The auto companies, all of which are restructuring because of billions of dollars in losses, want the UAW to do the same thing. They had discussed the idea with the union in advance of the talks, which opened Monday with Ford and GM. Talks formally opened Friday with Chrysler.
At Goodyear, the deal was a good one because union members were worried that retiree health care could be canceled if the company went into bankruptcy, said Howard Kropff, financial secretary for a local union in Akron and one of the union"s bargainers.
"They had no funding set aside for our retiree medical," Mr. Kropff said. "They pay-as-you-go on it. So if the company ever walked away ..."
Goodyear funded about 83 percent of the total obligation; analysts have said the auto companies will try to get the UAW to settle for 50 percent to 60 percent of the total.
But a recent agreement between auto-parts supplier Dana Corp. and the UAW shows that percentage may be low.
Although the UAW won"t comment on the prospect of a trust, earlier this month, it agreed to a Goodyear-style deal with Dana, which is in Chapter 11 bankruptcy protection. In exchange for taking on a $1 billion retiree health care liability, the UAW received $780 million in cash and stock, or about 78 cents on the dollar.
Similar trusts have been set up in the public sector. In New York state, teachers unions in the Poughkeepsie and Kingston school districts run trusts that pay health care costs for active and retired employees.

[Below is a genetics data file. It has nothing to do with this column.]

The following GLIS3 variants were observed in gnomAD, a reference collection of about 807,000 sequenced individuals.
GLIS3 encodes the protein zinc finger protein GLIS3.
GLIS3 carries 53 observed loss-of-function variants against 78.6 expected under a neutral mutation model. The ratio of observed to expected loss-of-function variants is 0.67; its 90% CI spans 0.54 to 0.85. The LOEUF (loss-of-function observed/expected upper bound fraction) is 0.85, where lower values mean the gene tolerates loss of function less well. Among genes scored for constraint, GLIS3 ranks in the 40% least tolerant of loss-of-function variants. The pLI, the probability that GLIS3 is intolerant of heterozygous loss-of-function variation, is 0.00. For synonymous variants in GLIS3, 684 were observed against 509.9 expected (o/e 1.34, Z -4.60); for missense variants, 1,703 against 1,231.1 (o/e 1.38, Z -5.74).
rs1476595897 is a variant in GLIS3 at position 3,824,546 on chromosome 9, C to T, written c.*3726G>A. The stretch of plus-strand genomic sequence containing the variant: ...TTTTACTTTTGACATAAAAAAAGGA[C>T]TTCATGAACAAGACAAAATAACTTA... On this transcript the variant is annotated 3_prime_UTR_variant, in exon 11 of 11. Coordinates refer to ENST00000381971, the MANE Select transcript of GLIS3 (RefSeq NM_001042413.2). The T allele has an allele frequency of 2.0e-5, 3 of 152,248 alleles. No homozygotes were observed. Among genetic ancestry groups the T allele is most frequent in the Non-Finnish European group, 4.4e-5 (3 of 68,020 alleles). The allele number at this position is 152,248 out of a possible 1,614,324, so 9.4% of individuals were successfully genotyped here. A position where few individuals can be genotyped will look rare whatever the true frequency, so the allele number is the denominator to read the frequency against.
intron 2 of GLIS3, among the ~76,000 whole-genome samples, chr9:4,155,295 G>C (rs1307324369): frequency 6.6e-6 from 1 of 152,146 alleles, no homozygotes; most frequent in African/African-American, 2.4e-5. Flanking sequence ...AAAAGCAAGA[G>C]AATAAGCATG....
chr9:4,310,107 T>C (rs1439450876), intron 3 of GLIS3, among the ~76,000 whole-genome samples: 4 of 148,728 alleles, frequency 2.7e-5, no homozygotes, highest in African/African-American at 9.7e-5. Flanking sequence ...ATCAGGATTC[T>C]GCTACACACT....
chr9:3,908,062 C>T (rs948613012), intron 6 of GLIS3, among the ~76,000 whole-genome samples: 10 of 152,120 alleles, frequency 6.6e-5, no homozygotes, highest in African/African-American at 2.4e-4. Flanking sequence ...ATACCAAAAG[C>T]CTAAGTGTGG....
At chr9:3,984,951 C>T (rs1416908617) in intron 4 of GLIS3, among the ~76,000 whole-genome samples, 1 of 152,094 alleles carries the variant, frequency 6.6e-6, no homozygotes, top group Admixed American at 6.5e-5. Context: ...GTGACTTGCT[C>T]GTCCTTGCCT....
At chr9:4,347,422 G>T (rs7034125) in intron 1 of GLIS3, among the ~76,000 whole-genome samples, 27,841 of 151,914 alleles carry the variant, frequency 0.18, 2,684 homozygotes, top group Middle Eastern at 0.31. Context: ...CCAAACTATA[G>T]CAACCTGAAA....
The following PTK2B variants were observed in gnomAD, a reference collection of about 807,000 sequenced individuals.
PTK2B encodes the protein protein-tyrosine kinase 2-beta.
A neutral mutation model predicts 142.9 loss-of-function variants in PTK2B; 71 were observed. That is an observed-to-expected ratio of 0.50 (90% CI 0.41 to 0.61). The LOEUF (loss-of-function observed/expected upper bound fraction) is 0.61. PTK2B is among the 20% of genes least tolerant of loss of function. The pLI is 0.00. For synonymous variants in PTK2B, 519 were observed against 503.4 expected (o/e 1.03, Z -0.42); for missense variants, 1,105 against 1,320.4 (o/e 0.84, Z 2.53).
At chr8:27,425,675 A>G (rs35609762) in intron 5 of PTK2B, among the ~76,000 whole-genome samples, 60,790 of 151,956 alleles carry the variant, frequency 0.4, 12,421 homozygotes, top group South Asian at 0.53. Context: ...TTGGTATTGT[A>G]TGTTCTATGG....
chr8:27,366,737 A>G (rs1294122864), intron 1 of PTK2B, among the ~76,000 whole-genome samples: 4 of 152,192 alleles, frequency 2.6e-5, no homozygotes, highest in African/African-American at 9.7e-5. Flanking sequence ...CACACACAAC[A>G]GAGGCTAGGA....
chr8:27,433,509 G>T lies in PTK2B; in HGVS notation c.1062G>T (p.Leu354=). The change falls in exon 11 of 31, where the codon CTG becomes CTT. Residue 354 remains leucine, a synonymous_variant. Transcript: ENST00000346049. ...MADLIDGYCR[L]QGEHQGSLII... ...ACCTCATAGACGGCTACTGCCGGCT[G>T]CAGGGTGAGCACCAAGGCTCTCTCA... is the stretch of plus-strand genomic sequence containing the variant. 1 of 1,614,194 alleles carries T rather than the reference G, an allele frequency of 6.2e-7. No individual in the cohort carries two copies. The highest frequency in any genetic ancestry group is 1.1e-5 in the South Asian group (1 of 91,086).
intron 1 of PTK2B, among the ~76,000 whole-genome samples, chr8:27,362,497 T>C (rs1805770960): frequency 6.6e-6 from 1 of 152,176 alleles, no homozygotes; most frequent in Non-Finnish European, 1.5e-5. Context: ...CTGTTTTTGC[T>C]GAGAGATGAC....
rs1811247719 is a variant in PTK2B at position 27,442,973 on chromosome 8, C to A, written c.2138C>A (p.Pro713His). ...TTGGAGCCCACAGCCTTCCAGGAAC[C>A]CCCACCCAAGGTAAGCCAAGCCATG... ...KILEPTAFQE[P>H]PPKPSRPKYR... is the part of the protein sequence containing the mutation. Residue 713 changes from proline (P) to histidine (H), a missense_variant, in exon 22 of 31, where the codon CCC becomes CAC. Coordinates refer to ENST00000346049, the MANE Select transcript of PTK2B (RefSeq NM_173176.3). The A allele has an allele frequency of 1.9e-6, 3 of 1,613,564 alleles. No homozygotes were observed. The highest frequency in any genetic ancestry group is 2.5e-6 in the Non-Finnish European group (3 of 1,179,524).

In both cases, the districts pay the unions less than they would have paid an insurer. The unions then hire a company that negotiates lower rates with doctors and hospitals in exchange for quick bill payments, said Debra Kardas, president of Poughkeepsie"s teachers union.
The trusts, which are self-insured with a policy to cover catastrophes, also save money because they don"t have to make a profit like insurance companies, Ms. Kardas said.
Other school districts and unions are asking for information about the trusts.
But some warn that the trusts may not work for a majority of state and local governments, even if they are unionized — and some are not.
"There"s no state that has one union. They all have many unions — and more than people would think," said Dick Cauchi, health program director with the National Conference of State Legislatures. "I have not seen anything that suggests states themselves can go that direction" of handing off health care costs to trusts run by unions.
The Goodyear and Dana trusts still must gain court approval, and some Goodyear workers fear that the union got hoodwinked.
"That money ain"t going to last forever," said Ed Huth, 61, a 42-year employee in Akron who voted against the contract. "That"s not much money when it comes to health care."
Heading into the contract talks, autoworkers have the same fears.
Mr. Hartman, who retired in 1990 from GM"s assembly plant in Lordstown, Ohio, doesn"t trust either the union or the company to control the trust.
"I would want someone watching over each other"s shoulders," he said.
By Donald Lambro